The Yarmouk Basin, in the western countryside of Daraa, is yet witnessing battles between the opposition factions and the “Khalid ibn al-Walid Army.” It is not their non-stop state that makes the battles distinct, but rather the fact that they have turned into a vicious circle of attacks conducted by the latter and a few hours long battles launched by the factions, while none of the involved parties is able to change a thing in this war’s equation.
Within the same equation of hostilities, the civilians exist only as the party to pay the price; they pay with their souls; they pay with displacement, siege and poverty that afflict their lives.
In the geographical space between the two conflicting parties’ control positions, thousands of dunams of agricultural plains are spread, known since dozens of years for their quality soil and abundance with water, the thing which turned them into an agricultural reservoir for Southern Syria.
For the past three years, facing the lacking wheat and the constant absence of flour, the farmers chose to focus on cultivating wheat alone, seeking to provide the area with the needed amount regardless of the military distribution in the area, because the dire need for bread has attacked the areas under the control of the two conflicting parties.
A State of Total “Alert” Is Demanded to “Make a Living”
The ongoing military confrontations have pushed farmers during the wheat harvest season to a state of alert. Wheat and similar agricultural crops are flammable, and fire can spread over wide geographical areas within a few minutes.
Under the Yarmouk Basin’s war circumstances, farmers are all the time afraid of fire, for any stray bullet or random mortar shell might set the fields ablaze. The break out of the hostilities makes preventing or stopping fire a pretty much risky mission.
This fear has, in the past a few weeks, turned into the farmers living reality in all of Daraa’s western countryside, for the fire of the almost daily confrontations between the opposition fighters and “Khalid Army” has burned hundreds of wheat planted dunams.
Abu Mujahid al-Eid, from the town of al-Shajara under the control of “Khalid Army,” lost more than ten dunams. He told Enab Baladi that “even before the season’s beginning, we have considered the risk of cultivating wheat because of the fire. But there is an urgent need for it. The reason why I planted half of the land with wheat and the other half with watermelons.”
The farmer described the first seconds of the fires outbreak as the town witnessed an exchanged shelling. This set a part of the harvest on fire, which extended to the rest of the crops in seconds.
Even though the area has regained its repose, the farmer and dozens of his neighbors chose to risk themselves to contain the fire so it would not extend to wider areas of land. He explained the mission’s difficulty, saying “we were forced to use rudimentary methods. Each of the farmers started blowing his land and divided it into separate parts to prevent the fire from extending, until the water tanks came to help us put the fire down.”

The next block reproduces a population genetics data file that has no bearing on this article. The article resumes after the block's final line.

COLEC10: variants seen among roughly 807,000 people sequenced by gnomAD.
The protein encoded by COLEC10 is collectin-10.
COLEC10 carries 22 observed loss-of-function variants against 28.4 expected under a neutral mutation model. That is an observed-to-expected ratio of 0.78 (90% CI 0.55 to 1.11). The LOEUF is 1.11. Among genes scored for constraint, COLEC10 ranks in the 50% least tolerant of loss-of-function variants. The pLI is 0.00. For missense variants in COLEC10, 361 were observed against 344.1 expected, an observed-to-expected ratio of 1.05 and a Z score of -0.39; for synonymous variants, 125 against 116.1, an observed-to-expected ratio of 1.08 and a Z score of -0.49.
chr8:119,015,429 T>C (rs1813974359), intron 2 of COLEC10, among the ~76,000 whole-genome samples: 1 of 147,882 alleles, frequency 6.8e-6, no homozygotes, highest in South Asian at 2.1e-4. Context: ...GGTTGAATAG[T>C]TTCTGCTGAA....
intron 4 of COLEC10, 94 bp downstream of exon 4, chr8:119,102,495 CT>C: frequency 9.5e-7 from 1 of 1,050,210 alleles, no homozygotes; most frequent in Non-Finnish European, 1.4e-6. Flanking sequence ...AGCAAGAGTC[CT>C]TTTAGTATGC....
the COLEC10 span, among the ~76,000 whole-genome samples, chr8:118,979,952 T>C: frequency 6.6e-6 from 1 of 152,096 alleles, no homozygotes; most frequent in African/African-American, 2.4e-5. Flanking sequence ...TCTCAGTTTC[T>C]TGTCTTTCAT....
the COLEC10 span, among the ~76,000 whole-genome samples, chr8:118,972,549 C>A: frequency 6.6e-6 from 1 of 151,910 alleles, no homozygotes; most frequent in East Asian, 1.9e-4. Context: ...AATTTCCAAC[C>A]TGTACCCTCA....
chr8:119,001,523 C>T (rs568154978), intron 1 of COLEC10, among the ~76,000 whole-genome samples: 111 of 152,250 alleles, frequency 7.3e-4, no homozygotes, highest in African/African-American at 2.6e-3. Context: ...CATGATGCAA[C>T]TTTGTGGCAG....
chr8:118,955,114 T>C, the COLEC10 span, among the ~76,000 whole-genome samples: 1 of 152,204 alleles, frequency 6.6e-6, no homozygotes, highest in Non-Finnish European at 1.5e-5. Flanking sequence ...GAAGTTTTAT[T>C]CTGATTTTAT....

“Abu Mujahid’s” financial loss accumulated to more than 700 thousand Syrian pounds (the equivalent to nearly 1800 dollars), considering that losing the opportunity to provide a wheat and flour reservoir was more bitter than his monetary loss.
An Early Harvest on the Other Side
The story is identical on the other side, for the battles have led to a fire breakout in a wide space at the outskirts of the city of Nawa and the town of al-Shaykh Saad, which the opposition factions control.
Thee factions accused “Khalid Army” of deliberately setting the wheat crop on fire to impose pressure on the people and to distract the opposition factions as not to launch any military operation against the Army.
The accusations did not change any of the reality’s details; actually, they compelled dozens of farmers to harvest the crops earlier than usual as one of the combine’s owners has told Enab Baladi.
He pointed out that early harvesting will decrease the crops’ amount slightly since that mid-July is considered the ideal time to start harvesting wheat. However, this is less dangerous than losing all the crop in a few seconds.
The combine’s owner explained that their mission also involves danger because the exchanged shelling, the confrontations and their suddenness threaten their work and their lives.
These happenings are not new to the area, for the Assad’s forces have resorted to targeting crops in the areas out of their control, deliberately setting them on fire to weaken the areas’ economic power, due to which farmers stopped planting “flammable” crops and replaced them with other types.
However, the deliberate or non-deliberate exchanged fires move to the depths of the areas out of the Assad’s forces control, which are originally suffering wheat and flour shortage predicts an ominous future for bread in rural Daraa.